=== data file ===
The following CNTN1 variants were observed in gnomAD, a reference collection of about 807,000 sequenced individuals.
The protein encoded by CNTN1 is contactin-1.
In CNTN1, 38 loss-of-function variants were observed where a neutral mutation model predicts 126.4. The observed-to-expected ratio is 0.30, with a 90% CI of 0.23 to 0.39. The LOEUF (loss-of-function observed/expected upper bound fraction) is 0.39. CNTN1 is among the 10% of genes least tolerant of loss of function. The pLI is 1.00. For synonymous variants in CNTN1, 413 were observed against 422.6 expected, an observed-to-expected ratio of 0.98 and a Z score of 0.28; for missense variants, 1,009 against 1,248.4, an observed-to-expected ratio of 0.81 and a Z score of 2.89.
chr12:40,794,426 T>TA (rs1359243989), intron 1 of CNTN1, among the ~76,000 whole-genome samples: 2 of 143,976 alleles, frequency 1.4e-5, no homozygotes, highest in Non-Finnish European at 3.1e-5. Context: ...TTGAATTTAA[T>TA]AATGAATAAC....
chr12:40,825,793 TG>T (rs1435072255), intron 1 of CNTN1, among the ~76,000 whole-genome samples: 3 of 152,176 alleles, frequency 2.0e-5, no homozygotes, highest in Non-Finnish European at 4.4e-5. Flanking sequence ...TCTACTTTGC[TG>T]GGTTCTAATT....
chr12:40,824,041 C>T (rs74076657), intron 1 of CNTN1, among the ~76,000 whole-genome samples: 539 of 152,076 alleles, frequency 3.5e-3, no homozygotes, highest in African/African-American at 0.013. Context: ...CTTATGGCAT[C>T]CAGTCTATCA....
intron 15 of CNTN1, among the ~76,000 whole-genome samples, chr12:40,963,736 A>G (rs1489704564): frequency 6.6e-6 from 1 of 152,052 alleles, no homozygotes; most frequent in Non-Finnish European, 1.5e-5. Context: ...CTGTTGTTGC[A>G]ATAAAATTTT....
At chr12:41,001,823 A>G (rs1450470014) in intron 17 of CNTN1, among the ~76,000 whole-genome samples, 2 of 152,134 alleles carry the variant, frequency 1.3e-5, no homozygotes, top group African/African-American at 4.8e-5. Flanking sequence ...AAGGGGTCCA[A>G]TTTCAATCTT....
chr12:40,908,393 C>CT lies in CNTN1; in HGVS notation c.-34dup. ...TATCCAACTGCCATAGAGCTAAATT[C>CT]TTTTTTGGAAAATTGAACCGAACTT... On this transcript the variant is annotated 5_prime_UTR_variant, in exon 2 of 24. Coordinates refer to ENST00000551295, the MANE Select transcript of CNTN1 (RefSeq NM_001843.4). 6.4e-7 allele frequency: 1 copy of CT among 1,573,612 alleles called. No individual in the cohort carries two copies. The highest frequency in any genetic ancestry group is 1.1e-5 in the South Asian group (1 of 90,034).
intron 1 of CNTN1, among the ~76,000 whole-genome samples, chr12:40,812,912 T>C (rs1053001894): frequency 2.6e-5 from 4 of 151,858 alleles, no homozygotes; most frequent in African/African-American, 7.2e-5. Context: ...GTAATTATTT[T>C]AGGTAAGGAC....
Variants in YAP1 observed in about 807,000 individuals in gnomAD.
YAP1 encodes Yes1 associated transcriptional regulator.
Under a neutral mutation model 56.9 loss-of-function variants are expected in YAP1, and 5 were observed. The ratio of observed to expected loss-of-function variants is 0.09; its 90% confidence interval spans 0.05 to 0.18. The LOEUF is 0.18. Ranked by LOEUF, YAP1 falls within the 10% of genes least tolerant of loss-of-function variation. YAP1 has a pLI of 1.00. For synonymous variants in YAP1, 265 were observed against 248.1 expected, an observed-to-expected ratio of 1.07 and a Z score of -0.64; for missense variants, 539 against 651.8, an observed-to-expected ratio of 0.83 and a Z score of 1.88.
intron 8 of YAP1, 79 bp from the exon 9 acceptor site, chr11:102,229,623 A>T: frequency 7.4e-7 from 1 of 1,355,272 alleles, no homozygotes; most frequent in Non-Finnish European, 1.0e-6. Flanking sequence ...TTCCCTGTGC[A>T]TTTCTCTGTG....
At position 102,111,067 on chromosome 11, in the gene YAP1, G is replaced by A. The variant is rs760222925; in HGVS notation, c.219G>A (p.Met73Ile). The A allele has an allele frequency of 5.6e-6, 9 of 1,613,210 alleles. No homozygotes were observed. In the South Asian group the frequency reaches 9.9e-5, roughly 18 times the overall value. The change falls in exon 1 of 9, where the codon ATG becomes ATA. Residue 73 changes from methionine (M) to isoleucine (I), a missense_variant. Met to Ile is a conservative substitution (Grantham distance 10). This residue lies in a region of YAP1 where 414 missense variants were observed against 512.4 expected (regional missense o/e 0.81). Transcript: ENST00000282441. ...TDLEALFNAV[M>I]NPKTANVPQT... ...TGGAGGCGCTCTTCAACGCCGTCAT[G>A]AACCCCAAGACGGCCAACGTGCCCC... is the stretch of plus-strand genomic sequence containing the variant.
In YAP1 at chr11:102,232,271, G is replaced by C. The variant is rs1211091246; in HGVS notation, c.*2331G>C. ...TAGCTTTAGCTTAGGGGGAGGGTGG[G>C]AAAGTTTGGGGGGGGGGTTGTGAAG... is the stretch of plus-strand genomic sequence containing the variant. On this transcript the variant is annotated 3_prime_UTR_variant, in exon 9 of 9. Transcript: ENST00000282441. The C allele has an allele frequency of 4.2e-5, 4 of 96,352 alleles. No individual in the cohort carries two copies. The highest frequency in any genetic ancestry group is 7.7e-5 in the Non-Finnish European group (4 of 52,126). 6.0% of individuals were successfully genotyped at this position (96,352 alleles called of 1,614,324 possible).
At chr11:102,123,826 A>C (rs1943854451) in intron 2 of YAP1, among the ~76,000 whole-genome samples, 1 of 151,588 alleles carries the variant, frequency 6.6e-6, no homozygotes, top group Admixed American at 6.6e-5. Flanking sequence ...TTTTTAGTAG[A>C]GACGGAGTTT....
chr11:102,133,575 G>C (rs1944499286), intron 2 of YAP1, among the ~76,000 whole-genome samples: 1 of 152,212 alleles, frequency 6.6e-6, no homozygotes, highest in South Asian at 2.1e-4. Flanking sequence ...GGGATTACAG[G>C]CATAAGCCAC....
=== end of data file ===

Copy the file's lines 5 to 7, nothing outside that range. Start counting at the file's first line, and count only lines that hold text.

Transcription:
chr12:40,825,793 TG>T (rs1435072255), intron 1 of CNTN1, among the ~76,000 whole-genome samples: 3 of 152,176 alleles, frequency 2.0e-5, no homozygotes, highest in Non-Finnish European at 4.4e-5. Flanking sequence ...TCTACTTTGC[TG>T]GGTTCTAATT....
chr12:40,824,041 C>T (rs74076657), intron 1 of CNTN1, among the ~76,000 whole-genome samples: 539 of 152,076 alleles, frequency 3.5e-3, no homozygotes, highest in African/African-American at 0.013. Context: ...CTTATGGCAT[C>T]CAGTCTATCA....
intron 15 of CNTN1, among the ~76,000 whole-genome samples, chr12:40,963,736 A>G (rs1489704564): frequency 6.6e-6 from 1 of 152,052 alleles, no homozygotes; most frequent in Non-Finnish European, 1.5e-5. Context: ...CTGTTGTTGC[A>G]ATAAAATTTT....